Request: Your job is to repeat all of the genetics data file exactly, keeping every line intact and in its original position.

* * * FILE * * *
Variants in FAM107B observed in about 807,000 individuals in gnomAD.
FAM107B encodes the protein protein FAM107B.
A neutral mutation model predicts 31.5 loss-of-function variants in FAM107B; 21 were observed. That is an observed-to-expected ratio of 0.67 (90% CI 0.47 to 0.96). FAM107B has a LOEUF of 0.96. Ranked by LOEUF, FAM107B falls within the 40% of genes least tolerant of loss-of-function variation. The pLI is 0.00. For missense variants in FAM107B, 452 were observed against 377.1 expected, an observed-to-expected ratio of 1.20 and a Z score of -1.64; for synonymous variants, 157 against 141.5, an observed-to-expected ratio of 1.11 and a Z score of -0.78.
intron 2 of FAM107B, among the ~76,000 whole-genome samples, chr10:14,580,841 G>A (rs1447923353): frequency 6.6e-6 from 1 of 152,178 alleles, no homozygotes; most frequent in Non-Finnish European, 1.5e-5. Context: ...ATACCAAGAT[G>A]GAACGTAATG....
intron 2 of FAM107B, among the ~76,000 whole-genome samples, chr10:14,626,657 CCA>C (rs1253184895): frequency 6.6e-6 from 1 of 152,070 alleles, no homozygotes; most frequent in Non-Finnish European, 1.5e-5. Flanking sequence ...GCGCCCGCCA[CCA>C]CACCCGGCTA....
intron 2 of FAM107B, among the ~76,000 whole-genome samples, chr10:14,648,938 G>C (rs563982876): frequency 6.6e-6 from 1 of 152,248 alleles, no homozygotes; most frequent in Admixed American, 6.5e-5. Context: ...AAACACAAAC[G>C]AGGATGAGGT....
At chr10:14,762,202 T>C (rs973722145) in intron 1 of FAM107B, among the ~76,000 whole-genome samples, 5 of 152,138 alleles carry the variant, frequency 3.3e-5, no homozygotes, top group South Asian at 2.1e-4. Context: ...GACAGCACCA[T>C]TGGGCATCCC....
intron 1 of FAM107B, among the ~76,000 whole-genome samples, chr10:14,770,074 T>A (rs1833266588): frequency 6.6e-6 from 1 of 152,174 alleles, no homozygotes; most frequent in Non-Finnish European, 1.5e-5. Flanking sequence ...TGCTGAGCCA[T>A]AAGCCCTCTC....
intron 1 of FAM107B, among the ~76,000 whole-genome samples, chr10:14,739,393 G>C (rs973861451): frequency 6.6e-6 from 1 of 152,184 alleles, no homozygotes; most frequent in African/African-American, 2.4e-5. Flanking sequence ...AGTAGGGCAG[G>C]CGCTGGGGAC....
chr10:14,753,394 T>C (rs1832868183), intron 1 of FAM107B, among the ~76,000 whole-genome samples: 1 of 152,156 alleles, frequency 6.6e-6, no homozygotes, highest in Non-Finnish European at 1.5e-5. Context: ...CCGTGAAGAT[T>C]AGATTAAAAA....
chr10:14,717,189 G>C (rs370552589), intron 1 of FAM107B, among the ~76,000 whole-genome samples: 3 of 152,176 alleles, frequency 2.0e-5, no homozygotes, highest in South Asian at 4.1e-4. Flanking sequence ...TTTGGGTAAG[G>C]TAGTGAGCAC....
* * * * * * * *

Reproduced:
Variants in FAM107B observed in about 807,000 individuals in gnomAD.
FAM107B encodes the protein protein FAM107B.
A neutral mutation model predicts 31.5 loss-of-function variants in FAM107B; 21 were observed. That is an observed-to-expected ratio of 0.67 (90% CI 0.47 to 0.96). FAM107B has a LOEUF of 0.96. Ranked by LOEUF, FAM107B falls within the 40% of genes least tolerant of loss-of-function variation. The pLI is 0.00. For missense variants in FAM107B, 452 were observed against 377.1 expected, an observed-to-expected ratio of 1.20 and a Z score of -1.64; for synonymous variants, 157 against 141.5, an observed-to-expected ratio of 1.11 and a Z score of -0.78.
intron 2 of FAM107B, among the ~76,000 whole-genome samples, chr10:14,580,841 G>A (rs1447923353): frequency 6.6e-6 from 1 of 152,178 alleles, no homozygotes; most frequent in Non-Finnish European, 1.5e-5. Context: ...ATACCAAGAT[G>A]GAACGTAATG....
intron 2 of FAM107B, among the ~76,000 whole-genome samples, chr10:14,626,657 CCA>C (rs1253184895): frequency 6.6e-6 from 1 of 152,070 alleles, no homozygotes; most frequent in Non-Finnish European, 1.5e-5. Flanking sequence ...GCGCCCGCCA[CCA>C]CACCCGGCTA....
intron 2 of FAM107B, among the ~76,000 whole-genome samples, chr10:14,648,938 G>C (rs563982876): frequency 6.6e-6 from 1 of 152,248 alleles, no homozygotes; most frequent in Admixed American, 6.5e-5. Context: ...AAACACAAAC[G>C]AGGATGAGGT....
At chr10:14,762,202 T>C (rs973722145) in intron 1 of FAM107B, among the ~76,000 whole-genome samples, 5 of 152,138 alleles carry the variant, frequency 3.3e-5, no homozygotes, top group South Asian at 2.1e-4. Context: ...GACAGCACCA[T>C]TGGGCATCCC....
intron 1 of FAM107B, among the ~76,000 whole-genome samples, chr10:14,770,074 T>A (rs1833266588): frequency 6.6e-6 from 1 of 152,174 alleles, no homozygotes; most frequent in Non-Finnish European, 1.5e-5. Flanking sequence ...TGCTGAGCCA[T>A]AAGCCCTCTC....
intron 1 of FAM107B, among the ~76,000 whole-genome samples, chr10:14,739,393 G>C (rs973861451): frequency 6.6e-6 from 1 of 152,184 alleles, no homozygotes; most frequent in African/African-American, 2.4e-5. Flanking sequence ...AGTAGGGCAG[G>C]CGCTGGGGAC....
chr10:14,753,394 T>C (rs1832868183), intron 1 of FAM107B, among the ~76,000 whole-genome samples: 1 of 152,156 alleles, frequency 6.6e-6, no homozygotes, highest in Non-Finnish European at 1.5e-5. Context: ...CCGTGAAGAT[T>C]AGATTAAAAA....
chr10:14,717,189 G>C (rs370552589), intron 1 of FAM107B, among the ~76,000 whole-genome samples: 3 of 152,176 alleles, frequency 2.0e-5, no homozygotes, highest in South Asian at 4.1e-4. Flanking sequence ...TTTGGGTAAG[G>C]TAGTGAGCAC....